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Post Info TOPIC: Extract from Cornwall Today


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Date: Mar 2 6:59 PM, 2015
RE: Extract from Cornwall Today

Thanks Mrs G, that is really interesting! biggrin



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Date: Mar 2 12:17 AM, 2015

How wonderful!


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Date: Feb 28 12:59 PM, 2015

Thanks for this, Mrs G.  Next time I'm down in Truro I will definitely aim to spend some quality time visiting the Courtney Library to enjoy this wonderful and very generously donated exhibit.  I would hedge my bets on there being a big surge in visitors there as well as to the north coast and Cornwall in general this summer.  Ever thought of doing bed and breakfast?


Tide was nearly full. Mist lay in a grey scarf along the line of the cliffs.
.. and they walked home hand in hand through the slanting shadows of the new darkness.

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Date: Feb 27 7:58 PM, 2015

The following is reproduced from the March 2015 Cornwall Today magazine.  Words are by Viki Wilson

Fans of the Poldark novels, and indeed Winston Graham's many other books, can discover hidden gems about the stories and the author in the wonderful archive of papers and books which belonged to him, and are currently held at the Courtney Library in the Royal Cornwall Museum.

The archive was donated to the museum by Dr Andrew Graham, Winston's son, following an exhibition about the author's life and works at the museum in 2007.  It comprises a wealth of material including original handwritten manuscripts, research notes, editions of his novels and also very personal documents, such as the rejection letters for his very first novels, and the first letter of acceptance.  There are even school reports, complete with ironic commentary from his headteacher, and what appears to be his very first attempt at writing a story as a young child.

It is fascinating to look through the handwritten manuscripts of the Poldark novels, which match almost perfectly the finished text in the published books.  Written in leather-bound books, the manuscripts offer a marvellous insight into how the author put the stories onto the page, with the various notes and crossings out all carefully documented so the books could be translated into print.  There is also much evidence of the incredibly detailed research that Winston Graham carried out.  For example, in just one folder, relating to one small part of a story, there are vintage books on steam engines, schematics of mining equipment along with photographs and academic journals on the subject.  At other times it seems Graham has drawn his inspiration from a single postcard with a photograph of an 18th century stagecoach on the back.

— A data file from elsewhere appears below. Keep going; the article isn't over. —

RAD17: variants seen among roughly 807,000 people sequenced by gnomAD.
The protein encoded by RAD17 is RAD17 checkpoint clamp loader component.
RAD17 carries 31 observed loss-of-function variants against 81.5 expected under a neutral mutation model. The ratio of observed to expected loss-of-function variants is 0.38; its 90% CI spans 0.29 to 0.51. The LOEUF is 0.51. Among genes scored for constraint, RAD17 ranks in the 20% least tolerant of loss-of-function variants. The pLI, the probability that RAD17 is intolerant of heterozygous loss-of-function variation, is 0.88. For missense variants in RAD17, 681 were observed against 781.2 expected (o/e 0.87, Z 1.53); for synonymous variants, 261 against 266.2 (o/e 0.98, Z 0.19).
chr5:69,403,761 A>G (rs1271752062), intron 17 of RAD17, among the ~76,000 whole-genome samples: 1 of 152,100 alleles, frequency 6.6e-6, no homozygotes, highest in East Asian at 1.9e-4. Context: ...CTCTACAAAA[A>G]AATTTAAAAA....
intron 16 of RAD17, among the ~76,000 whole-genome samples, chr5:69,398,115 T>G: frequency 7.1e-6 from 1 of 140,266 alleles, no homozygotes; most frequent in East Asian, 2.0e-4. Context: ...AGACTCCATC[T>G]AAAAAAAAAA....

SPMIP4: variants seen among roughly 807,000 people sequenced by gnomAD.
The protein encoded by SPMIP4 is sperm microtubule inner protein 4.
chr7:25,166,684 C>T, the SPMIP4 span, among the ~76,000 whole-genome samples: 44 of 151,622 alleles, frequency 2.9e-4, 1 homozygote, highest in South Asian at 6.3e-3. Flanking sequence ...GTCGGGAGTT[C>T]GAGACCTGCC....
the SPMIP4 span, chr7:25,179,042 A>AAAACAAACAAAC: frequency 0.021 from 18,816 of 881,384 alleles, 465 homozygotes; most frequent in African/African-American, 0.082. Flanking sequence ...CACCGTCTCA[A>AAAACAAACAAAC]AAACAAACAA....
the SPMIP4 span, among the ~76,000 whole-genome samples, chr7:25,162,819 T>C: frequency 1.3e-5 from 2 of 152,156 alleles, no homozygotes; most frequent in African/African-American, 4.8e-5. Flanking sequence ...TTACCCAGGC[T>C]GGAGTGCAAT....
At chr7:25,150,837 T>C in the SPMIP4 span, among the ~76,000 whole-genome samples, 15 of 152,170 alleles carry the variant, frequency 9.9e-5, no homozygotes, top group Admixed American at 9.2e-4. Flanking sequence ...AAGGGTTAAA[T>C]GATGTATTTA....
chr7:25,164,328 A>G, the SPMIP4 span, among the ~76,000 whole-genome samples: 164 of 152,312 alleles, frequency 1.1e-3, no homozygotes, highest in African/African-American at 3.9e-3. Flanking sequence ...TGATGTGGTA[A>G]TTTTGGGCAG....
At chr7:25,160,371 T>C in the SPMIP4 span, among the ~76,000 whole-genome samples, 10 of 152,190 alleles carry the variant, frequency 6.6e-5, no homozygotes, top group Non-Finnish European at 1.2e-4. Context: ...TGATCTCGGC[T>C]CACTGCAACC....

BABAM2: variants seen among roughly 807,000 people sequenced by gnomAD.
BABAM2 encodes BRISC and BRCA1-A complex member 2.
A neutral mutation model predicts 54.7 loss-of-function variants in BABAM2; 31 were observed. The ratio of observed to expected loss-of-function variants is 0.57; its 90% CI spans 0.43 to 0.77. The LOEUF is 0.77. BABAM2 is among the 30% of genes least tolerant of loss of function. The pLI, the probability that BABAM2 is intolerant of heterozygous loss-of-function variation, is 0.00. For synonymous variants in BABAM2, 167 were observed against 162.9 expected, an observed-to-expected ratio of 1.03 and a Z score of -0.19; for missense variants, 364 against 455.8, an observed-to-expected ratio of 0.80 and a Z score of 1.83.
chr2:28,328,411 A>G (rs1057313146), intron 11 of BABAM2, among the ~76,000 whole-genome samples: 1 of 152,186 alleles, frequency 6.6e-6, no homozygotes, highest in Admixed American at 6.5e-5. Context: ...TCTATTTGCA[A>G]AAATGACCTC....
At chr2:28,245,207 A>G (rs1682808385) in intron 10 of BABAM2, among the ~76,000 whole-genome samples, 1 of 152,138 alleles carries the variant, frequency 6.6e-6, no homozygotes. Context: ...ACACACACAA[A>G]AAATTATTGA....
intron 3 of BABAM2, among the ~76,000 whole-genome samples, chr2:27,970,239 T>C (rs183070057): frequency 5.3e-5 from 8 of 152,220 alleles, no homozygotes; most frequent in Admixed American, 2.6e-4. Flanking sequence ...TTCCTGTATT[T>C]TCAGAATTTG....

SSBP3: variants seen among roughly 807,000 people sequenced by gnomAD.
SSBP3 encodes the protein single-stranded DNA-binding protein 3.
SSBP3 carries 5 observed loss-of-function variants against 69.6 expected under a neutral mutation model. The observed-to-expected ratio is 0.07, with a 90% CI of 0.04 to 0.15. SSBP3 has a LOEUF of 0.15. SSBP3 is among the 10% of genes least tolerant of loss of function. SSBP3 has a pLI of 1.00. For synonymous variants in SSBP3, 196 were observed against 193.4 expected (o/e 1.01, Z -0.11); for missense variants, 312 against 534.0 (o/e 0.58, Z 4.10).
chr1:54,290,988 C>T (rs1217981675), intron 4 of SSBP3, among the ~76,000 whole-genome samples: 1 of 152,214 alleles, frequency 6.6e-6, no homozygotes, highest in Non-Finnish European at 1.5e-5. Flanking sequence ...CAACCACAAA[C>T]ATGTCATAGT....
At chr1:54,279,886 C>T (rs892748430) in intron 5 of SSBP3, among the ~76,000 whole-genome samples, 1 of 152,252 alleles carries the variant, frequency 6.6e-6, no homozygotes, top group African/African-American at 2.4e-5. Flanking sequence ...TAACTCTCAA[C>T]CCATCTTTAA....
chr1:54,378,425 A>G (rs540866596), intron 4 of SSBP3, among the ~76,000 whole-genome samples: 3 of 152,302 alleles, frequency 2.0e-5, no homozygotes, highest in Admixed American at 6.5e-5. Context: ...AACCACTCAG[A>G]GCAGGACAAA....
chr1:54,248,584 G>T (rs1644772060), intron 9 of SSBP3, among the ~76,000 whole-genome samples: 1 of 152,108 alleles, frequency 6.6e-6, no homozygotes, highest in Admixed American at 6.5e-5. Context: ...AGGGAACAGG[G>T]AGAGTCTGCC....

Some of the notes that Graham made also reveal telling insights into the inspiration for the stories.  In one document, Graham has sketched out the Poldark family tree, going back not just one, but two generations from brothers Joshua and Charles, who are the older generation at the start of the very first book.  The extent of this family tree caused Andrew Graham to remark that it almost seemed it was based on a real family, and that perhaps it was.

There are also various editions of Winston Graham's books, which numbered more than 50, beginning with 1934's The House With the Stained Glass Windows, through to his final poignant Memoirs of a Private Man, published the year he died in 2003.  It is notable that Graham's novels were published throughout the war years - the Poldark series began with Ross Poldark in 1945, and ended with Bella Poldark in 2002.

Despite his enormous success and huge following, Winston Graham never sought the limelight, remaining - as the title of his final book reveals - a private man.  But as Graham himself writes at the end of his book, 'I have now written a great many novels and must through them have surely revealed a fair amount of my own nature and personal feelings.  Let that suffice'.

For those who were enchanted by his stories, the intricate detail of his research, the vivid descriptions of Cornwall and the characters who seemed to step off the page straight into your imagination, the archive is an incredibly valuable legacy which sheds even more light into the life and works of this much-loved author.


So if you are coming to Cornwall to walk in WGs footsteps (and Ross'), call in at the Museum in River St, Truro.  To look through the archive material you will need to book an appointment and possess a Library Research Pass (£4.50) from the museum.  Museum number - 01872 242786 or email

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